It’s already widely known that Bitcoin and cryptocurrency markets are highly volatile and incredibly unpredictable, appearing to move independently of most traditional or expected indicators.
Bitcoin price, which has doubled so far this year after recording heavy losses throughout 2018, is hanging around $8,000 and most other major cryptocurrencies, including Ethereum, Bitcoin Cash, Litecoin, and XRP, have also made significant gains in recent months.
Novak Svrkota, fund manager and analyst from consulting agency KriptoBroker explains that price of Bitcoin is determined by supply and demand.
“Fiat currencies like US dollar, have infinite supply, that increases everyday with rate determined by central banks like FED. Increasing supply is called inflation, meaning that the same amount of money is worth less as time passes. Therefore, keeping your wealth in form of dollar or any other fiat currency doesn’t have lot of sense.
That is the reason why people decide to hold their wealth in form of real-estate, art, shares, gold or any other commodity. Everything revolves around gaining value, but big part of equation is story about money that is constantly losing value. That’s why bottle of Coca-cola costed 5 cents – even today manufacturing and distribution are much more efficient.”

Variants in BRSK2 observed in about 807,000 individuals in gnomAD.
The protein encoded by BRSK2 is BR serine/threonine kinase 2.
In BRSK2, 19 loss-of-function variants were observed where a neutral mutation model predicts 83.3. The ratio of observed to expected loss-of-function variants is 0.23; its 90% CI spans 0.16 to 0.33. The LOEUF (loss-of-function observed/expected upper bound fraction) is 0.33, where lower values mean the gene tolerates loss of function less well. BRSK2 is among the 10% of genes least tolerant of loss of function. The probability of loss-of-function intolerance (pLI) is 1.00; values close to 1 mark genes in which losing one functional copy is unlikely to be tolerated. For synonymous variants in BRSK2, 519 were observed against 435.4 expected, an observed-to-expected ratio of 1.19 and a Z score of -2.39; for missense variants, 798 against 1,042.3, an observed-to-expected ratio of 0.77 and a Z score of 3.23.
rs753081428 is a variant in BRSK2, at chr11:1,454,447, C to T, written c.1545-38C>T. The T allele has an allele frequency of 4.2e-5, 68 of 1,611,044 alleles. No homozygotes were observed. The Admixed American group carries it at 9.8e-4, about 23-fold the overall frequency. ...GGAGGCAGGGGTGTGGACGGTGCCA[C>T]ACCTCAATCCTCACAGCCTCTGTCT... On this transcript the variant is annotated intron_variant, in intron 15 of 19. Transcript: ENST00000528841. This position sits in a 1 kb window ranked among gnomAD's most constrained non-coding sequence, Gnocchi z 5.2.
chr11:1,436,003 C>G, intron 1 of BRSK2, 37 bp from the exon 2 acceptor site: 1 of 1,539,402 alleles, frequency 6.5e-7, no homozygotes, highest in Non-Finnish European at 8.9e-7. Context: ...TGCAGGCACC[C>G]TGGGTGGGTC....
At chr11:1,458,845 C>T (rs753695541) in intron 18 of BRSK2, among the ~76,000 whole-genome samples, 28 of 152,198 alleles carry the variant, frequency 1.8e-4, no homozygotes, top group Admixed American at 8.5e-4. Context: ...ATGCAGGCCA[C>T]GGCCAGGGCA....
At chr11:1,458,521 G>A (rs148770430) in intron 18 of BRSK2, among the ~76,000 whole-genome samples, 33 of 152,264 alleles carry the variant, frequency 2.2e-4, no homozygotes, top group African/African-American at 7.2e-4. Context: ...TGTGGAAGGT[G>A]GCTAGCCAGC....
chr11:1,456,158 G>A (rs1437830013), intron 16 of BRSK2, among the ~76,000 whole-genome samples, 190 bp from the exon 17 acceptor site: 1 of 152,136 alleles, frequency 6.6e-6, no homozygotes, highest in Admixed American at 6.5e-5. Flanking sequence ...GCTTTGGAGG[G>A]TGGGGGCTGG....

He also noted that Bitcoin “per se” doesn’t have infinite supply. It is grounded at $21 million.
“Bitcoin’s inflation is programmed to decrease every 4 years in event called halvening. Miners are rewarded with Bitcoins for processing transactions. In the beginning that reward was 50 Bitcoins for every 10 minutes. You would probably assume this is a real fortune but at the beginning, Bitcoin was practically worthless.
In 2012 we had first halvening where reward was reduced from 50 to 25 BTC and after that, we had big bull market in a late 2013. Then we had 2016 halvening where reward was reduced from 25 to 12.5 BTC, and we witnessed again the bull market in 2017.”
Next halvening is in May 2020 and we are expecting to see huge price increase in 2021 as well. Bitcoin miners currently receive 12.5 BTC each time they successfully mine a block. By the end of May 2020 (the next Halvening) they will instead earn just 6.25 BTC.
The truth is that the Bitcoin price rose from under $1,000 per bitcoin to almost $20,000 throughout 2017 before losing more than 80% of its value last year.
This epic 2017 Bitcoin bull run is thought to have been triggered by expectations institutional investment in the Bitcoin and cryptocurrency market was imminent but when that failed to materialize in the way many thought it would, the market pulled back sharply.
What will happen next year is probably similar to the situation we had in previous years. Earlier this week, a U.S. venture capitalist warned the market is heading for a “supply shock” thanks to next year’s closely watched bitcoin halvening event, now just 341 day away.